Nominations for 2019 are closed.
2019 Early Career Investigator Award Recipient:
Dr. Sheila Garland
Dr. Sheila Garland received her PhD in Clinical Psychology in 2012 from the University of Calgary under the supervision of Drs. Linda Carlson and Tavis Campbell. She completed a 3-year CIHR funded post-doctoral fellowship in behavioural sleep medicine and integrative oncology at the Perelman School of Medicine at the University of Pennsylvania. Since 2015, Dr. Garland has been a registered clinical psychologist, Assistant Professor of Psychology and Oncology, and the director of the Sleep, Health, & Wellness Laboratory at Memorial University in St. John’s, Newfoundland and Labrador. Her work focuses on helping people with cancer sleep well and live better and she has been involved in the development, delivery, and evaluation of exploratory and evidence-based interventions including cognitive behavioral therapy for insomnia (CBT-I), mindfulness-based stress reduction (MBSR), and acupuncture. She has received research awards from the Society for Behavioral Sleep Medicine, the Beatrice Hunter Cancer Research Institute, the Canadian Psychological Association, the American Academy of Sleep Medicine, and the Society for Integrative Oncology. Dr. Garland was also awarded the President’s Award for Outstanding Community Engagement Partnerships for her patient-oriented research with Young Adult Cancer Canada from Memorial University. To date, she has received approximately $750,000 in research grants and has published 61 peer-reviewed papers and 7 book chapters.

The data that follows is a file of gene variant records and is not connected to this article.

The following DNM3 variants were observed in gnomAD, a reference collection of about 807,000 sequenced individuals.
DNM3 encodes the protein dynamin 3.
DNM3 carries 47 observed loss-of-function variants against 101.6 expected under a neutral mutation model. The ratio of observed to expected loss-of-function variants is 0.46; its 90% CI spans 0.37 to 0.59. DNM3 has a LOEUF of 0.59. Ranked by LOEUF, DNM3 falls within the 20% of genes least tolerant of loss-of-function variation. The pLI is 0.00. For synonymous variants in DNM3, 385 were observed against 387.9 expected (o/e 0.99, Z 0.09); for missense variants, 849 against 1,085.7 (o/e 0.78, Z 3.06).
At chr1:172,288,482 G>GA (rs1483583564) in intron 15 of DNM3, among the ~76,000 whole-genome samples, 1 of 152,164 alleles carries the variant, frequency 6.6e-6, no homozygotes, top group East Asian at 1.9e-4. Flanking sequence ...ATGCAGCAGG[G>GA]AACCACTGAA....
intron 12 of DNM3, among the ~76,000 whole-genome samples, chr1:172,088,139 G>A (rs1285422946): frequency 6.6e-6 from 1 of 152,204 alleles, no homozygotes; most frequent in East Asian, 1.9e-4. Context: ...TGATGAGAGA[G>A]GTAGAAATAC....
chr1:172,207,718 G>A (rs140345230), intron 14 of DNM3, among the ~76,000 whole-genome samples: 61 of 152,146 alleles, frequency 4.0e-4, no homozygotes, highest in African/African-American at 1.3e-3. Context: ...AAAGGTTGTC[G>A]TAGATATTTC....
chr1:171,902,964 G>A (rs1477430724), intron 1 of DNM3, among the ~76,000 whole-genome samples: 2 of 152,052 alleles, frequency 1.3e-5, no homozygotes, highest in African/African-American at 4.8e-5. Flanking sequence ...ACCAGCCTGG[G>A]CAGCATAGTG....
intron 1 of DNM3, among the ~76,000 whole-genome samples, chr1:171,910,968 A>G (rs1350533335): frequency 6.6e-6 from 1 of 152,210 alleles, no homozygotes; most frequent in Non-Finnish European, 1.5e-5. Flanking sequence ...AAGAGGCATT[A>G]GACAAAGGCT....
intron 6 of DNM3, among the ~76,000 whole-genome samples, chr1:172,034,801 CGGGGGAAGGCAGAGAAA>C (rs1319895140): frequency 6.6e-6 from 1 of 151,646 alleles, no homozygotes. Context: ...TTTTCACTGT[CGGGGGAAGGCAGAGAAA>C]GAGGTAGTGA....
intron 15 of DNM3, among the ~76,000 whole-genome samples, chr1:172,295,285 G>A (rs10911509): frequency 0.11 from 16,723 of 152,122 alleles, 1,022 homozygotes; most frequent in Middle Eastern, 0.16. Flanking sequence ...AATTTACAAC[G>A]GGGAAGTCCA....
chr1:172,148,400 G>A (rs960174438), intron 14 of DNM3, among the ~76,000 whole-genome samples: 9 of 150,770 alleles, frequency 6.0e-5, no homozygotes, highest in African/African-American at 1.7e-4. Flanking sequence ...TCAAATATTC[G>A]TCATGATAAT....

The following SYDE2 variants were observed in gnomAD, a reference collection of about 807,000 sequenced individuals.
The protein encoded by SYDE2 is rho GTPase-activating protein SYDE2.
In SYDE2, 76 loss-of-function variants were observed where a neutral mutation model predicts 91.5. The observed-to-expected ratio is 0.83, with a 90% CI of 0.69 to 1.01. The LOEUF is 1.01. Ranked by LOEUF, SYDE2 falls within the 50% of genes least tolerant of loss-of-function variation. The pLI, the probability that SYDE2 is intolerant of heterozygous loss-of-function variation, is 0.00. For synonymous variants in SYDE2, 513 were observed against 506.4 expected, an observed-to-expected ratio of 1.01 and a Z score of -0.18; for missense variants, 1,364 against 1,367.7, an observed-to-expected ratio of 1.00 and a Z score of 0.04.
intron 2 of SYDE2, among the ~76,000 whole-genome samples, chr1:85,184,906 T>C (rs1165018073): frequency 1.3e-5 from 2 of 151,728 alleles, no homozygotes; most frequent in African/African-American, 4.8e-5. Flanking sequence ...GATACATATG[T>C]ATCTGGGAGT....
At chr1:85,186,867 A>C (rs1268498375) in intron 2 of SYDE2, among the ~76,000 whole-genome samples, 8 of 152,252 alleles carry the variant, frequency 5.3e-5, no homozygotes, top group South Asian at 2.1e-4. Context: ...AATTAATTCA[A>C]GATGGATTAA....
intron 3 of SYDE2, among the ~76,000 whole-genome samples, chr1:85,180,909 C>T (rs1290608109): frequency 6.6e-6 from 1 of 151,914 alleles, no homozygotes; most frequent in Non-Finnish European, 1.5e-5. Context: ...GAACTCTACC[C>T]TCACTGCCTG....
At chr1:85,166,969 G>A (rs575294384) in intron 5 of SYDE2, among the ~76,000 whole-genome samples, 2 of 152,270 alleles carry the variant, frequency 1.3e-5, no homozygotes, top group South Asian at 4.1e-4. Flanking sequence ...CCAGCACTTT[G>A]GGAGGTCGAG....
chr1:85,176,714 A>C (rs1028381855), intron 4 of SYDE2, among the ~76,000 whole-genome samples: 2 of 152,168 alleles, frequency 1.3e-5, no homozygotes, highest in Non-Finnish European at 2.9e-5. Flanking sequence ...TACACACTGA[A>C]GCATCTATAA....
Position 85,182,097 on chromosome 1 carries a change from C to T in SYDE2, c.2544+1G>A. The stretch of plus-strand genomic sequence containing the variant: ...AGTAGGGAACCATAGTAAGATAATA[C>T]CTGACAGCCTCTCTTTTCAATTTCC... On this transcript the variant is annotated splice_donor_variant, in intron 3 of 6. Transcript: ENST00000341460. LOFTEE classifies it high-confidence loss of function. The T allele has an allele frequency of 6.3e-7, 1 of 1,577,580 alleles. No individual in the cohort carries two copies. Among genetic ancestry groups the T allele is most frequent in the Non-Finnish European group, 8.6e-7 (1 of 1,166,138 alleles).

This award, supported by CIHR – Institute of Cancer Research, honours a new investigator for outstanding contributions to research in the field of psychosocial oncology. Candidates must be within seven years of completing their postgraduate, fellowship or equivalent specialist training (defined as a PhD or MD or equivalent). Please note times of prolonged leave (e.g. medical leave, maternity leave, compassionate leave) should not be counted towards the seven years.
Recipients are distinguished by the level and quality of research output at this early career stage.